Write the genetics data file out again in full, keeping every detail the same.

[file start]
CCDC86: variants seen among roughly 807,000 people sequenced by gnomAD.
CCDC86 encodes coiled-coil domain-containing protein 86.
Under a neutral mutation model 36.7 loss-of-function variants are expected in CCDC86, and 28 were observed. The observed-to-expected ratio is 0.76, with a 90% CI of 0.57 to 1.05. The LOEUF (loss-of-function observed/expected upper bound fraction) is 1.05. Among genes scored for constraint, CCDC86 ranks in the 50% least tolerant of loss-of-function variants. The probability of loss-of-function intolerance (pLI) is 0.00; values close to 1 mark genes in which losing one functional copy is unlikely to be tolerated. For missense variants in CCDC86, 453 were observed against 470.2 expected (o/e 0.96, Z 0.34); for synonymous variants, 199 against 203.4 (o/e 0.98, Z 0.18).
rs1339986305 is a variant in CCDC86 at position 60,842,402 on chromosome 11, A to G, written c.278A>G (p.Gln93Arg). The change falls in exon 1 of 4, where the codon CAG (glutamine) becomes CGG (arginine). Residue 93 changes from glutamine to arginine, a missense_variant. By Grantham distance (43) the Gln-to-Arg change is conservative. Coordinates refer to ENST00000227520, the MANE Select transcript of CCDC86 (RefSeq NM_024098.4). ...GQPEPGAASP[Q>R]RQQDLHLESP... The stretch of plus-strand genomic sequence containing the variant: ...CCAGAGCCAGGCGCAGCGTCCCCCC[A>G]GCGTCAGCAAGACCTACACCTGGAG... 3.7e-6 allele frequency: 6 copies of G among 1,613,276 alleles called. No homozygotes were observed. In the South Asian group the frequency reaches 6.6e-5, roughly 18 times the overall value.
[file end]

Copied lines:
CCDC86: variants seen among roughly 807,000 people sequenced by gnomAD.
CCDC86 encodes coiled-coil domain-containing protein 86.
Under a neutral mutation model 36.7 loss-of-function variants are expected in CCDC86, and 28 were observed. The observed-to-expected ratio is 0.76, with a 90% CI of 0.57 to 1.05. The LOEUF (loss-of-function observed/expected upper bound fraction) is 1.05. Among genes scored for constraint, CCDC86 ranks in the 50% least tolerant of loss-of-function variants. The probability of loss-of-function intolerance (pLI) is 0.00; values close to 1 mark genes in which losing one functional copy is unlikely to be tolerated. For missense variants in CCDC86, 453 were observed against 470.2 expected (o/e 0.96, Z 0.34); for synonymous variants, 199 against 203.4 (o/e 0.98, Z 0.18).
rs1339986305 is a variant in CCDC86 at position 60,842,402 on chromosome 11, A to G, written c.278A>G (p.Gln93Arg). The change falls in exon 1 of 4, where the codon CAG (glutamine) becomes CGG (arginine). Residue 93 changes from glutamine to arginine, a missense_variant. By Grantham distance (43) the Gln-to-Arg change is conservative. Coordinates refer to ENST00000227520, the MANE Select transcript of CCDC86 (RefSeq NM_024098.4). ...GQPEPGAASP[Q>R]RQQDLHLESP... The stretch of plus-strand genomic sequence containing the variant: ...CCAGAGCCAGGCGCAGCGTCCCCCC[A>G]GCGTCAGCAAGACCTACACCTGGAG... 3.7e-6 allele frequency: 6 copies of G among 1,613,276 alleles called. No homozygotes were observed. In the South Asian group the frequency reaches 6.6e-5, roughly 18 times the overall value.